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More on Data Security

What questions do you need to be asking yourself?

When was your last Risk Analysis? Did it include a vulnerability scan? Pen test? On-site walkthrough?

Encryption? Are your portable devices encrypted?

BYOD – do you have signed agreements in place?

What is your policy on employee use of social media? The breach notification clock starts when “known or, by exercising reasonable diligence would have been known.”

What does your HIPAA training training say about security? Or does it only address privacy? For instance, passwords, use of mobile devices, proper use of email, etc.?

Do you have a contract with your vendors? Who is paying for breach remediation?

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New Florida Data Breach Law Section 501.171

Section 501.171 repeals and wholly replaces Florida’s existing data breach law and went into effect on July 1, 2014. It applies to every business that handles “personal information” of Florida residents and requires these businesses to take proactive “reasonable measures” to secure data.

The definition of personal information is quite broad and includes social security numbers, healthcare information, health insurance policy number, credit card numbers, and “a user name or e-mail address, in combination with a password or security question and answer that would permit access to an online account.

It includes a data records disposal provision: “…Such disposal shall involve shredding, erasing, or otherwise modifying the personal information in the records to make it unreadable or undecipherable through any means.”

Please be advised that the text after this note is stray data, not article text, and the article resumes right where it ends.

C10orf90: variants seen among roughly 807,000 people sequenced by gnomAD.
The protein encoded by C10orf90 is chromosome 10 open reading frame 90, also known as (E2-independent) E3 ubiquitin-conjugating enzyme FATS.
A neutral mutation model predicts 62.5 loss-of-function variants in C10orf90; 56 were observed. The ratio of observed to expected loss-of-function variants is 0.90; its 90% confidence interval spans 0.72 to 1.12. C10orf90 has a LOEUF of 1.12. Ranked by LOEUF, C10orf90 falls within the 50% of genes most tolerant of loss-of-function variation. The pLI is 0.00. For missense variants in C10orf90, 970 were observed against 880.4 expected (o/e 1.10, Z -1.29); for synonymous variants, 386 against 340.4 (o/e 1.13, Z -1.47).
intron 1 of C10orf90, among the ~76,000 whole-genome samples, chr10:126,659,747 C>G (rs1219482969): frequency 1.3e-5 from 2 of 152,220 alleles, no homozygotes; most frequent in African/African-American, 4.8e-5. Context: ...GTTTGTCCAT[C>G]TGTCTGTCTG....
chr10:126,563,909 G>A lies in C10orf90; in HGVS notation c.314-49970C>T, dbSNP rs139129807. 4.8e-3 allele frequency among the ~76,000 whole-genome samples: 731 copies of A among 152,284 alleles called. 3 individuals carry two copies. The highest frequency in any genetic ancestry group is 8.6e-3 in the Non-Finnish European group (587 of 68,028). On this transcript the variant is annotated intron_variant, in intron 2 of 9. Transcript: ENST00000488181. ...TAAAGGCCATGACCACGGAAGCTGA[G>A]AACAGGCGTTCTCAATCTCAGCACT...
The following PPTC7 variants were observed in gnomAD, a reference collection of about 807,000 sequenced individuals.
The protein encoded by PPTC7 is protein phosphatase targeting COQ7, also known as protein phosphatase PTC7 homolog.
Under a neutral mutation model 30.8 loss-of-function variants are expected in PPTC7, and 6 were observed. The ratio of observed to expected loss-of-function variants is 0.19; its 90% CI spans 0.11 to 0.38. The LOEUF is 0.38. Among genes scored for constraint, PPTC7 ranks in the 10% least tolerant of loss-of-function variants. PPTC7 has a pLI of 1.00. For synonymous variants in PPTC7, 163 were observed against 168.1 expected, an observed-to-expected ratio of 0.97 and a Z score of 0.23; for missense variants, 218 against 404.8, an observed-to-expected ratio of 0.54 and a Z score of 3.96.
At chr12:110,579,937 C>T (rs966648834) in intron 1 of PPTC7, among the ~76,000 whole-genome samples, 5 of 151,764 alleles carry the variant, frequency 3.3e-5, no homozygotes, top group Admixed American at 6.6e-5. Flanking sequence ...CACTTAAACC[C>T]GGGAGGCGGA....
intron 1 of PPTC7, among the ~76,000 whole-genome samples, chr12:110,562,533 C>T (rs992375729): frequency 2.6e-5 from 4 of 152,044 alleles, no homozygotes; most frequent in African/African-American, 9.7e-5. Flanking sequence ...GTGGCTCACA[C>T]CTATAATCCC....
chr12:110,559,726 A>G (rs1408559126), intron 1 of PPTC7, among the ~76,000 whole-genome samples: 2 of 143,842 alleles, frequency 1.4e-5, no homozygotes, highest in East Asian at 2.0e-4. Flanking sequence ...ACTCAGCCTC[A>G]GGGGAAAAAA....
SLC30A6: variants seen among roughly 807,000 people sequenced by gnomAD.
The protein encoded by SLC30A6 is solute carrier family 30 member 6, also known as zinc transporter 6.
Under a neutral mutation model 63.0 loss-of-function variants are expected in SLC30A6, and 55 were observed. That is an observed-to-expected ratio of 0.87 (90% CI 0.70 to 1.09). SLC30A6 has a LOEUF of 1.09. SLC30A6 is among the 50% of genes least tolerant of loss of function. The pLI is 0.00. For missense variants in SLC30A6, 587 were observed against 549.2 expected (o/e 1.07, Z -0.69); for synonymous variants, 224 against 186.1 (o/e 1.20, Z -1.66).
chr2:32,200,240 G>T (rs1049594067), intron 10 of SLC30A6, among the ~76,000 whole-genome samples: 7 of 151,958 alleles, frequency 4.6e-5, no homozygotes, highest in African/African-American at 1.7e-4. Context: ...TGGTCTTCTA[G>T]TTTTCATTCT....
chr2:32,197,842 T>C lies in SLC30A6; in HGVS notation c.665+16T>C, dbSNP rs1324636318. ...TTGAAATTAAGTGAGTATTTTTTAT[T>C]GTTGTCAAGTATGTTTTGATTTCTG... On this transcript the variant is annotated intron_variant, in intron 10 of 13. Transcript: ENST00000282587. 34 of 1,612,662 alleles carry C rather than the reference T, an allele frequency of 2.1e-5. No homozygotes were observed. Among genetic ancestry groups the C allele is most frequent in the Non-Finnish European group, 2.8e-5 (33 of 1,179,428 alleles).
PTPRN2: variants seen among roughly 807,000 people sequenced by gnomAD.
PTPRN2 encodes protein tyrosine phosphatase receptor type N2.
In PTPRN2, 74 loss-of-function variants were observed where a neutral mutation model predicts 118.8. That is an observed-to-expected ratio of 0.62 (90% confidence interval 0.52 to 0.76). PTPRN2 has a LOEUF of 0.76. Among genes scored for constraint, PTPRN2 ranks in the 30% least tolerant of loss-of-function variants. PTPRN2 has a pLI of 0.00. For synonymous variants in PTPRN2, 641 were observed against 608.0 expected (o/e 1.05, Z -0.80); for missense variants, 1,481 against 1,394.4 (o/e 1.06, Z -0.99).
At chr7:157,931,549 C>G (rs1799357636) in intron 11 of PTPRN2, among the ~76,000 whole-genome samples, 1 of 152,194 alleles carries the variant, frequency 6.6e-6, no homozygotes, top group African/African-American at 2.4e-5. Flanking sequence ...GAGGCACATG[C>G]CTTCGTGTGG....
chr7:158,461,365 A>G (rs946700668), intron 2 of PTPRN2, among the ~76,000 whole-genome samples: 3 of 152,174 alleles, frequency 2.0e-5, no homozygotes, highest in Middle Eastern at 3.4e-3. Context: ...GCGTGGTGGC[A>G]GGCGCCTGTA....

There is no private right of action, but a “violation of this section shall be treated as an unfair or deception trade practice in any action brought by the Florida Attorney General…against a covered entity or third party agent.” Civil penalties are not to exceed $5000,000 and will go into the General Revenue Fund.

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The Office of Civil Rights (OCR)

The OCR has been quite active, particularly since 2011. Recent settlements include:
1) UCLA Health System $865,500 Workers were found snooping on celebrity patients
2) Alaska Dept. of HHS $1.7M Unencrypted portable media device was stolen from care of employee
3) Affinity Health Plan $1,215,780 Returned copiers to a leasing agent without erasing the copies hard drives

Who has obligations? Regulated businesses include healthcare and financial services.

Nonregulated businesses also have obligations. This includes the (FTC) Federal Trade Commission. They work for consumers to prevent fraudulent, deceptive and unfair business practices. They have the authority to pursue any company that has engaged in unfair or deceptive acts or practices in or affecting commerce. The FTC will take action against individual owners.

The Florida Information Protection Act (SB 1524) broadens Florida’s existing data breach law. It requires that each covered entity, governmental entity, or third party agent shall take reasonable measures to protect and secure data in electronic form containing personal information.

What is personal information? An individual’s first name or first initial and last name in combination with any one or more of the following data elements for that individual: SSN; driver’s license or ID card number; credit or debit card no. (with security code, access code, password); healthcare information; individual’s health insurance policy number, etc.)

What does it mean to take reasonable measures to protect and secure data in electronic form containing personal information? Businesses must address administrative, physical and technical safeguards.

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The BYOD (Bring Your Own Device) Movement